With Liverpool facing the uneasy trip to West Brom this weekend, both Steven Gerrard and Jamie Carragher have issued apologies to former boss Roy Hodgson.
Hodgson leads the West Brom team in their quest to avoid relegation. So far he has performed relatively well kicking off his first four games in charge with two wins and two draws.
Steven Gerrard appeared highly vocal in his opinion that the team had let Hodgson down as opposed to the manager himself. This will of course be an opinion that a lot of Kop supporters will passionately refuse.
From various fans viewpoints the ex-Fulham manager was almost responsible for a relegation fight completely unexpected for a team of such an illustrious history. For sure the players were miserable to watch and difficult to back, but were they being lead in the right direction?
So has Gerrard been right in his admission that it was the players fault? Or is this just an understandable attempt at clearing the air before Liverpool head to the Hawthorns on Saturday?
When Hodgson came in to Anfield during the summer, his start was not the most welcoming with Javier Mascherano, one of Liverpool's most celebrated players exiting the club. A team that had finished only seventh the year before had lost one of their main players.
Add to this the lack of funds provided to Hodgson for a much needed spending spree, and he was fighting a mighty battle. Yet it was not a losing battle. A loss of one player, no matter how decent, should realistically not have sent the team into a pit of despair that became the bottom half of the table.
Whilst the Kop fans never gave him much of a chance, what he appeared unable to do was to manage a team of relatively talented players. Instead of joining forces to create a consistent and feared collective, the starting 11 looked fragmented and dispondent.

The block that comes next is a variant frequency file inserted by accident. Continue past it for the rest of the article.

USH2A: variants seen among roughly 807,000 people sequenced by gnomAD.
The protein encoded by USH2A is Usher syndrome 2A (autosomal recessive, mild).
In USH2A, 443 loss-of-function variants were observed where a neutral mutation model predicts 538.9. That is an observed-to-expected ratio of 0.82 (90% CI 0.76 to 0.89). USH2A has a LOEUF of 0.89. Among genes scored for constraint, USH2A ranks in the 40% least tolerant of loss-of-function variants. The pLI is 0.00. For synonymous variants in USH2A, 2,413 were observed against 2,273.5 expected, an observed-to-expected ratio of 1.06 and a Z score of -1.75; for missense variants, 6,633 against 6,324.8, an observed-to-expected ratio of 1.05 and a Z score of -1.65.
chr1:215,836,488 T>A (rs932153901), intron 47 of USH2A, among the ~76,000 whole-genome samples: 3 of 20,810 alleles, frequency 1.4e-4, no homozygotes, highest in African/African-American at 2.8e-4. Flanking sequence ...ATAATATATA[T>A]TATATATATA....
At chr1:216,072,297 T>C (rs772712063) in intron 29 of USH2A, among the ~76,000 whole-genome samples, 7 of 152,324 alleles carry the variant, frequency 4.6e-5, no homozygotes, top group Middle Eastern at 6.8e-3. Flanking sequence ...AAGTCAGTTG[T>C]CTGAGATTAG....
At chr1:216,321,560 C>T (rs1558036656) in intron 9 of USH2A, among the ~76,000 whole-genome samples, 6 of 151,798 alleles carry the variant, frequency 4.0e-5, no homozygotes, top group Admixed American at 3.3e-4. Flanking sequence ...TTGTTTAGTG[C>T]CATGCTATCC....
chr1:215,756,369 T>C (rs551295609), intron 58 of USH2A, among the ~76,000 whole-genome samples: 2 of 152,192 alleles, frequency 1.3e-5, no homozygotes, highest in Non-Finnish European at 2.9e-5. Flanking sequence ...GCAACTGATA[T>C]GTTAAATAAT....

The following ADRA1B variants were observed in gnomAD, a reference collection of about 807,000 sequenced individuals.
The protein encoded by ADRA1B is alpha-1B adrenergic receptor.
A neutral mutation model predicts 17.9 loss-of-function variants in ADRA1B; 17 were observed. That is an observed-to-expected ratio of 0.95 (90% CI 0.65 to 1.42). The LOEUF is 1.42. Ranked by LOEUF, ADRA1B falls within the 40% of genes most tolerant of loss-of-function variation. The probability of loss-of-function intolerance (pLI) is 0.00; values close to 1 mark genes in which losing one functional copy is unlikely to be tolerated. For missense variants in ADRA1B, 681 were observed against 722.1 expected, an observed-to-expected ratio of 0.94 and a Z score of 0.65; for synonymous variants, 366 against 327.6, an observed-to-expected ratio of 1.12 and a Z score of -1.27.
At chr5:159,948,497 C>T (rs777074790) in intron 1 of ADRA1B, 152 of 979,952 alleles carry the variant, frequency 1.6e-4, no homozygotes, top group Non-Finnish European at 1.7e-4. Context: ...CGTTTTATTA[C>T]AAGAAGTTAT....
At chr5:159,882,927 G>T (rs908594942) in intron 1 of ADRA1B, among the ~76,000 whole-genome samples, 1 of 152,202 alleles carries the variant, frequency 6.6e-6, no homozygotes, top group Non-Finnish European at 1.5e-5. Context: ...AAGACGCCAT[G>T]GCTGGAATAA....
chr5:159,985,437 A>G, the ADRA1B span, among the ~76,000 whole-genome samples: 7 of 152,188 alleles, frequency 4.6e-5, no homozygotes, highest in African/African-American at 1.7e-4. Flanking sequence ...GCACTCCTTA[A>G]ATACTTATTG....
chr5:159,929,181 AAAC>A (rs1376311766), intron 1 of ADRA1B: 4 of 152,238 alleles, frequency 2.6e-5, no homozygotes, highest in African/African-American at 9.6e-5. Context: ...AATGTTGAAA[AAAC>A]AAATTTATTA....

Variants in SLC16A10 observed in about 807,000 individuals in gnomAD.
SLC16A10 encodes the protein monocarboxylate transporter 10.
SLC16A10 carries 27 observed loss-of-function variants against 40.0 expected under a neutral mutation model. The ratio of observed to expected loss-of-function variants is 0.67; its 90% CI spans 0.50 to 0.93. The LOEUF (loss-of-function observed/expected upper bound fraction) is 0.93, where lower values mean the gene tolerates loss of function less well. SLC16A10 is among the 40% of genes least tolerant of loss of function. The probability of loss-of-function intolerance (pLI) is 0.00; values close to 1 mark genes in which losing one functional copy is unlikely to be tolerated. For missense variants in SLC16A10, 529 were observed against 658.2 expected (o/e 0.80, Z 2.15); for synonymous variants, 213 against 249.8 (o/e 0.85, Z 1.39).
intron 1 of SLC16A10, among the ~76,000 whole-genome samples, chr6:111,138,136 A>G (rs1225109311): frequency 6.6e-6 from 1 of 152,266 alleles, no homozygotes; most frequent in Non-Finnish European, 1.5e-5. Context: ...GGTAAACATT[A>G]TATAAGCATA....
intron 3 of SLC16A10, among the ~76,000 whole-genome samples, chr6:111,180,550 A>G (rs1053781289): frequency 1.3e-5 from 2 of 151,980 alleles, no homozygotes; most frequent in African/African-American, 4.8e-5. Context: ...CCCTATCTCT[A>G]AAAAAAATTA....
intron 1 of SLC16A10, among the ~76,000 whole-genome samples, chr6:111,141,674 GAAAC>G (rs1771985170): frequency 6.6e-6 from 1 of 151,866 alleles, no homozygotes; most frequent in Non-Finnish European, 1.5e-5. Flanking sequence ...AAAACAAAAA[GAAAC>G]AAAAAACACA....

Steven Gerrard was one of these players who sat alongside newcomers like Raul Meireles and Joe Cole. Whilst Hodgson had acquired Meireles' talents as a switch for Mascherano he could not evoke the striking prowess held by the Portuguese star during his tenure.
Instead it was only when Kenny Dalglish, Hodgsons replacement, came in that Meireles began to shine. Five goals including some spectacular belters came his way in his new found abundance of appearances.
The team was beginning to play as just that, a team. A few steps backwards were seen in their Europa and FA Cup exits, but for the majority of their play, they excelled. This is what has left them as the team on form with the highest tally of points scored in recent league matches.
Was he right to apologise?
In some respects, Dalglish has been fortunate that with his responsibilities he was permitted to break the bank balance a hell of a lot more.Yet he was able to produce results before the onset of Luis Suarez and Andy Carroll—something Hodgson could not do.
There is the idea that maybe it was the team, as well as the fans, who gave Hodgson a hard time. However, to overlook players like Meireles to the degree that he did, in hindsight looks reckless.
At the end of the day, Hodgson appears to be a natural manager when he leads teams destined for high performing but not high achieving action. He led a Fulham team to a European final by enforcing a stubborn defence and solid match play.
Yet with a team capable of a top end finish, he faltered. Kenny Dalglish in comparison may be helped with a self fulfilling prophecy but he has inspired the team to move forward. The players and the fans seem to respect him much more than his predecessor. Next season they may even challenge for serious silverware.
Would Hodgson have signed Suarez and Carroll if he had been given the opportunity? Would he have turned the season around and put Liverpool in the unlikely position of European and possibly Champions League qualification?
You would have to believe not. He just didn't seem to have it in him.
Therefore it would seem Gerrard's comments seem more born out of politeness rather than accuracy. It is a way of developing an atmosphere void of tension and spectator disapproval when the two sides meet.
More than anyone, Gerrard now knows he is part of a team that can and will return stronger for the 2011/12 season. And that would never have happened with Hodgson still in charge.